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Monday, 21 May 2012
Page: 4838


Ms PARKE (Fremantle) (20:56): It is always a privilege to speak in this place on matters of significance, especially when those matters relate to legislation because of course the laws we make here form part of the great black-and-white matrix that constitutes the formal operating code of how Australia works.

Unfortunately, there are times when the occasion to speak arises not through some matter of any real significance but rather as part of some kind of political game—and that is the case tonight.

Any argument that the member for Flinders purports to make for the importance of supporting renewable energy is a ringing endorsement of this government's reform program and puts a question mark over his own conduct and the conduct of the coalition on this issue.

The member for Flinders is of course the same person who formerly believed in and argued strongly for the importance of addressing climate change through an emissions trading scheme. This is the same person, who, along with his coalition colleagues, negotiated and agreed to the government's Carbon Pollution Reduction Scheme, before they broke their word and pursued a path of negativity, pseudoscience and scaremongering ever since.

As the Parliamentary Secretary for Climate Change and Energy Efficiency has rightly pointed out, the closing of the solar hot water scheme, by 30 June this year, has been contemplated and forecast for a number of years and it makes perfect sense for this to occur at the point at which the Labor government's Renewable Energy Target and Clean Energy Future reforms step in to continue to support the solar hot water industry and the households, community organisations and businesses which seek to pursue energy efficiency in that way.

Anyone who ordered, purchased or installed a solar hot water system on or before 28 February remains able to apply for the rebate until 30 June, in keeping with the four-month claim window that has applied throughout this program. It is a program that has underwritten the installation of 250,000 solar hot water systems.

In the same period, about 4½ years, this government has supported the installation of more than 150,000 household solar PV systems. The Howard government, in 11½ years, supported 12,000. In the same period, this Labor government has created the structures and the funding to stimulate unprecedented investment in large-scale renewable energy projects that will be the basis of Australian economic growth, jobs and emission-free electricity in the decades to come.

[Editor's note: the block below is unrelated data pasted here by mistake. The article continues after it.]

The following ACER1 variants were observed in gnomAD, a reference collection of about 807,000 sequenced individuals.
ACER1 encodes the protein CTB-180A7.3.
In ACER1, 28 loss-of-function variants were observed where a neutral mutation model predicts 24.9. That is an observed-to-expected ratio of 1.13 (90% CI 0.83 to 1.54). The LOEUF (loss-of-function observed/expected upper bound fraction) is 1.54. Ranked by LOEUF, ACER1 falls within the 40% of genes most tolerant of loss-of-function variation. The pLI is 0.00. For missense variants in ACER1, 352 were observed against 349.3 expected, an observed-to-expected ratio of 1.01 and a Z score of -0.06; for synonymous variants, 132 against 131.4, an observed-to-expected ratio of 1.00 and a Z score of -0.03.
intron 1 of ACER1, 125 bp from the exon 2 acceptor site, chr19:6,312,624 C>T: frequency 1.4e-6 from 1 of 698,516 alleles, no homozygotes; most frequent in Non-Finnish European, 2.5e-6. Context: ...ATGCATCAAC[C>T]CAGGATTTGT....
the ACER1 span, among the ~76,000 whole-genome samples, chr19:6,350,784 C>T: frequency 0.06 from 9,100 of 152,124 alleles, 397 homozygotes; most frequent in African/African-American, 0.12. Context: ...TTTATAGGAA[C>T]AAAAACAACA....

This includes the recent announcement that the government will provide $10 million to support the commercial scale implementation of Carnegie Wave Energy's promising wave power technology in the ocean adjacent to my electorate.

The fact is that this government has taken a well-founded approach to providing support for renewable energy and energy efficiency. We have acted to support burgeoning industries, to back innovative technology and to create a level playing field for low-carbon or no-carbon energy and manufacturing processes. We have acted to support households in their clear and strong desire to reduce their carbon emissions and to recalibrate the sources on which they rely for their energy.

In the case of household solar panels, we provided rebates that kick-started a home solar PV revolution, literally transforming our suburbs. But naturally and sensibly those rebates were designed to taper off and they have tapered off as private side demand has grown. The Solar Home and Communities rebate was replaced by the Solar Credits scheme and the credit multiplier within the Solar Credits scheme has, in turn, been eased.

When the industry grew and stabilised and the scale of production and the size and consistency of demand, coupled with lower input costs, meant that per unit costs decreased, the government support was sensibly and gradually wound back. Perhaps the best indication of the equilibrium that the government has managed in this case is the fact that the price point at which a standard 1.5 kilowatt system is available to the consumer has changed very little.

In the case of the solar hot water rebate and other energy efficiency and renewable energy programs, this government has designed and delivered policy that sparks innovation to the point where it will be increasingly sustained by private demand market conditions. This is precisely the approach that has delivered the twin hallmarks of this government—namely, world-leading economic management and, at the same time, forward-looking policy reform.

The proposal from the member for Flinders that the government renege on its planned transition from the solar hot water rebate to the various forms of support within the clean energy future package advocates a dangerous move that would open up a substantial and unquantifiable further liability. I would therefore strongly encourage the member for Flinders to cast his eye across the Nullarbor and see how his Liberal colleagues in WA have presided over a $450 million blow-out in their wildly mismanaged solar tariff scheme. Is that what the member for Flinders is seeking to achieve with this private member's bill, the Solar Hot Water Rebate Bill 2012 [No. 2]? The purpose of this private member's bill is wholly and solely to make an issue where no issue exists and it fails to do even that. It cannot be supported.